Soccernostalgia Question: The sight of Paul Gascoigne playing with a protective mask is another indelible image of this match. What are your thoughts on the clash with Wouters and had VAR been in use at the time?


Mr. Paul Whittle @1888letter Response: The game between the countries at the 1990 World Cup really established Gascoigne on the international stage, the Dutch would have known he was England’s main (if not only) creative force by this time. Wouters was the obvious player to mark him and only he knows if the elbow was deliberate. It didn’t look good – VAR and a sending-off might have changed this result, and the group.


Soccernostalgia Question: Des Walker losing his foot race with Marc Overmars is often referenced. Did you feel as well that he was no longer the same player?


Mr. Paul Whittle @1888letter Response: Yes, he seemed to lose so much confidence during the season in Italy and it was very unusual to see him outpaced. In hindsight, he might have tried to bring down Overmars before he got into the penalty area!


Soccernostalgia Question: Did you feel at the time, this was the reference point that England’s WC qualification hopes crashed?

(Bearing in mind, the loss vs. Norway would be in June)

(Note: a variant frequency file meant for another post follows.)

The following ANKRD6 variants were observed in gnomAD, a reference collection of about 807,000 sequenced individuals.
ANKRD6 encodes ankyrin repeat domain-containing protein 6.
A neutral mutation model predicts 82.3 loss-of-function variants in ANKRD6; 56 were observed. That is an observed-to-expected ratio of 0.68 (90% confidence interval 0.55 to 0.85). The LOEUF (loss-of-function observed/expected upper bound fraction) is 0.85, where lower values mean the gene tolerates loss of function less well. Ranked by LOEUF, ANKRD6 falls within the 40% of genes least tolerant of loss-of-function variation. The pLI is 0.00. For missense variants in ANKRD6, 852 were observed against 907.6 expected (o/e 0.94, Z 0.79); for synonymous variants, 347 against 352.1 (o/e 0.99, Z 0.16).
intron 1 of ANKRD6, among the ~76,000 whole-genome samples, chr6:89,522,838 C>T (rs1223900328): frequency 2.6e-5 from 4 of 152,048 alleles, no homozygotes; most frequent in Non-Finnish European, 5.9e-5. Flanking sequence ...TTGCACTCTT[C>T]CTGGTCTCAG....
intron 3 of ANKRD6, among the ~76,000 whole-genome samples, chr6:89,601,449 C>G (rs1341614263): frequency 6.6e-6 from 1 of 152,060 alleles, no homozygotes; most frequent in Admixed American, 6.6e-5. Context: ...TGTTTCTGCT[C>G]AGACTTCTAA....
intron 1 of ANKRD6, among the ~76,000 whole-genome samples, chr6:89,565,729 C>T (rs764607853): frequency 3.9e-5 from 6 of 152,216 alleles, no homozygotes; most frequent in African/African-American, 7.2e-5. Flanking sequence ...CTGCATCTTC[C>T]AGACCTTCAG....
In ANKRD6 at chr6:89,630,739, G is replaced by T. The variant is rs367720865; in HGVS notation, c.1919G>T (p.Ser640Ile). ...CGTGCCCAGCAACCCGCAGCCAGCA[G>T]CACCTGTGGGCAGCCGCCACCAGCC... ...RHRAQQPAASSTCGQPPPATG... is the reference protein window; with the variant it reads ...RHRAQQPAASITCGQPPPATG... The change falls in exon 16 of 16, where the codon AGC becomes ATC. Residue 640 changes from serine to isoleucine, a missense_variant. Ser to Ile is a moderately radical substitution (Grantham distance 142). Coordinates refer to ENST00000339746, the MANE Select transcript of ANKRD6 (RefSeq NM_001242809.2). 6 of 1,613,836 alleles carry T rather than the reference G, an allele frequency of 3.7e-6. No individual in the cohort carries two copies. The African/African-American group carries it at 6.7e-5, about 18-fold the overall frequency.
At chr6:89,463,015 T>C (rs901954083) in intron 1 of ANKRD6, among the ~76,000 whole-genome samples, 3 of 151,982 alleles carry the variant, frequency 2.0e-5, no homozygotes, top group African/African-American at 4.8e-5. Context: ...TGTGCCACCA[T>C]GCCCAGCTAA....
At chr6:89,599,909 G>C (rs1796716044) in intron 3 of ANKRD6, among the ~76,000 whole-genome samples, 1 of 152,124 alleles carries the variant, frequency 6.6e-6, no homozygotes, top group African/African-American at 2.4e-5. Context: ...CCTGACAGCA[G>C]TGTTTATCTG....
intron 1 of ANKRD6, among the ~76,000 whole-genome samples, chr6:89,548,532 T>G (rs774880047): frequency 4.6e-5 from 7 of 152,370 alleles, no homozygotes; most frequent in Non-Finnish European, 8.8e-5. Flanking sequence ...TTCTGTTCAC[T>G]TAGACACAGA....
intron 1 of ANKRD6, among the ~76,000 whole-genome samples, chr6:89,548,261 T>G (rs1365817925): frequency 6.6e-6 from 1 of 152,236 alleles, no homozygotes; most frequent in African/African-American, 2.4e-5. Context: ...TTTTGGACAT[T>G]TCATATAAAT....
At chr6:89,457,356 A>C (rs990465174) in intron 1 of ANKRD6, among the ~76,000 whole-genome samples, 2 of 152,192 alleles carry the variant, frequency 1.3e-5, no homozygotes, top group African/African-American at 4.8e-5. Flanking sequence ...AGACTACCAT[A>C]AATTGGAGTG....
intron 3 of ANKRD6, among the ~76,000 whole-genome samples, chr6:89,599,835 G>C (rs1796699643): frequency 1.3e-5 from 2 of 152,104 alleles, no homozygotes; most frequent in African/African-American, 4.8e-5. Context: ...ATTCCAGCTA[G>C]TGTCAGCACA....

Mr. Paul Whittle @1888letter Response: Qualification got off to a bad start with the draw at Wembley against Norway, who were really England’s main rivals for the second qualifying place as I think the Dutch would have been clear favourites. However, dropping points after being 2-0 up was another blow, and winning this game would have been a big boost.


Soccernostalgia Question: Historically, the return fixture in October is much referenced for obvious reasons, but do you think by then the die was already cast with this match in April?


Mr. Paul Whittle @1888letter Response: To some extent, as I think the confidence from a win over Holland can’t be underestimated. Gascoigne’s injury was a disruptive factor too, but qualification was still in England’s hands at this point. They never played as well again under Taylor, the remaining performances (especially in Norway) were more and more disjointed, I don’t think Taylor knew his best team or tactics.


Soccernostalgia Question: From a historical standpoint what was the takeaway for England, vis-à-vis Graham Taylor’s reign? As a follow-up, was that your opinion at the time as well?


Mr. Paul Whittle @1888letter Response: It was a missed opportunity to beat a major rival and get some confidence ahead of the rest of the qualifiers. Graham Taylor unfortunately never seemed to fit as England manager, even when winning you always felt a bad result or performance was just around the corner. My feeling was (and is) that even had results gone their way in the key games and they somehow qualified for the World Cup, it could have been embarrassing.



Date: April 28, 1993

Competition: FIFA World Cup Qualifier-Group 2